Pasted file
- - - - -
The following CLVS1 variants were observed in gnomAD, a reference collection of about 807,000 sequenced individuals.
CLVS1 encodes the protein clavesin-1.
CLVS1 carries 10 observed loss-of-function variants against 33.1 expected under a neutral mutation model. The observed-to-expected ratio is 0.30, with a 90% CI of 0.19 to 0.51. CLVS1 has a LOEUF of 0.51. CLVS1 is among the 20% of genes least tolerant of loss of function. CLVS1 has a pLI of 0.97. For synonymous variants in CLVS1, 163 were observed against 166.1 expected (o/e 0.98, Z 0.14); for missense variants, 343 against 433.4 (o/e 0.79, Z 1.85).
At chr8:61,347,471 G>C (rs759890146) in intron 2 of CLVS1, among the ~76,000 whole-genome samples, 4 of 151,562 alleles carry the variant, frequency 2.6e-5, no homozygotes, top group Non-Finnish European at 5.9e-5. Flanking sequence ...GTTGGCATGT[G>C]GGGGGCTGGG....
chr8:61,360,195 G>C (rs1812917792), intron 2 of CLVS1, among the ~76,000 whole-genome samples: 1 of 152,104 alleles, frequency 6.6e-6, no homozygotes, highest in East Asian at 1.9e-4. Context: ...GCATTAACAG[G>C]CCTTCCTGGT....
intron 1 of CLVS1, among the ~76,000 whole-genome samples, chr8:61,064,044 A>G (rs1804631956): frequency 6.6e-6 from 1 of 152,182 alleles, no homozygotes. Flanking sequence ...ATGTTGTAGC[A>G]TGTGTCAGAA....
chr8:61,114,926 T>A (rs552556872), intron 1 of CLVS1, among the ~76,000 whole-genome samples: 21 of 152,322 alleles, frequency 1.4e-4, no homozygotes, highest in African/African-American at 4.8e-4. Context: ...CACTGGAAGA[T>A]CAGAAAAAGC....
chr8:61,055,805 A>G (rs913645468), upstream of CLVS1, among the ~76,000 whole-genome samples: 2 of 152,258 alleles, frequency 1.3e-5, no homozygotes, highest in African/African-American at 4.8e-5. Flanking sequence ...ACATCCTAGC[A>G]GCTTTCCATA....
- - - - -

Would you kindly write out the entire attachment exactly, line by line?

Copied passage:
The following CLVS1 variants were observed in gnomAD, a reference collection of about 807,000 sequenced individuals.
CLVS1 encodes the protein clavesin-1.
CLVS1 carries 10 observed loss-of-function variants against 33.1 expected under a neutral mutation model. The observed-to-expected ratio is 0.30, with a 90% CI of 0.19 to 0.51. CLVS1 has a LOEUF of 0.51. CLVS1 is among the 20% of genes least tolerant of loss of function. CLVS1 has a pLI of 0.97. For synonymous variants in CLVS1, 163 were observed against 166.1 expected (o/e 0.98, Z 0.14); for missense variants, 343 against 433.4 (o/e 0.79, Z 1.85).
At chr8:61,347,471 G>C (rs759890146) in intron 2 of CLVS1, among the ~76,000 whole-genome samples, 4 of 151,562 alleles carry the variant, frequency 2.6e-5, no homozygotes, top group Non-Finnish European at 5.9e-5. Flanking sequence ...GTTGGCATGT[G>C]GGGGGCTGGG....
chr8:61,360,195 G>C (rs1812917792), intron 2 of CLVS1, among the ~76,000 whole-genome samples: 1 of 152,104 alleles, frequency 6.6e-6, no homozygotes, highest in East Asian at 1.9e-4. Context: ...GCATTAACAG[G>C]CCTTCCTGGT....
intron 1 of CLVS1, among the ~76,000 whole-genome samples, chr8:61,064,044 A>G (rs1804631956): frequency 6.6e-6 from 1 of 152,182 alleles, no homozygotes. Flanking sequence ...ATGTTGTAGC[A>G]TGTGTCAGAA....
chr8:61,114,926 T>A (rs552556872), intron 1 of CLVS1, among the ~76,000 whole-genome samples: 21 of 152,322 alleles, frequency 1.4e-4, no homozygotes, highest in African/African-American at 4.8e-4. Context: ...CACTGGAAGA[T>A]CAGAAAAAGC....
chr8:61,055,805 A>G (rs913645468), upstream of CLVS1, among the ~76,000 whole-genome samples: 2 of 152,258 alleles, frequency 1.3e-5, no homozygotes, highest in African/African-American at 4.8e-5. Flanking sequence ...ACATCCTAGC[A>G]GCTTTCCATA....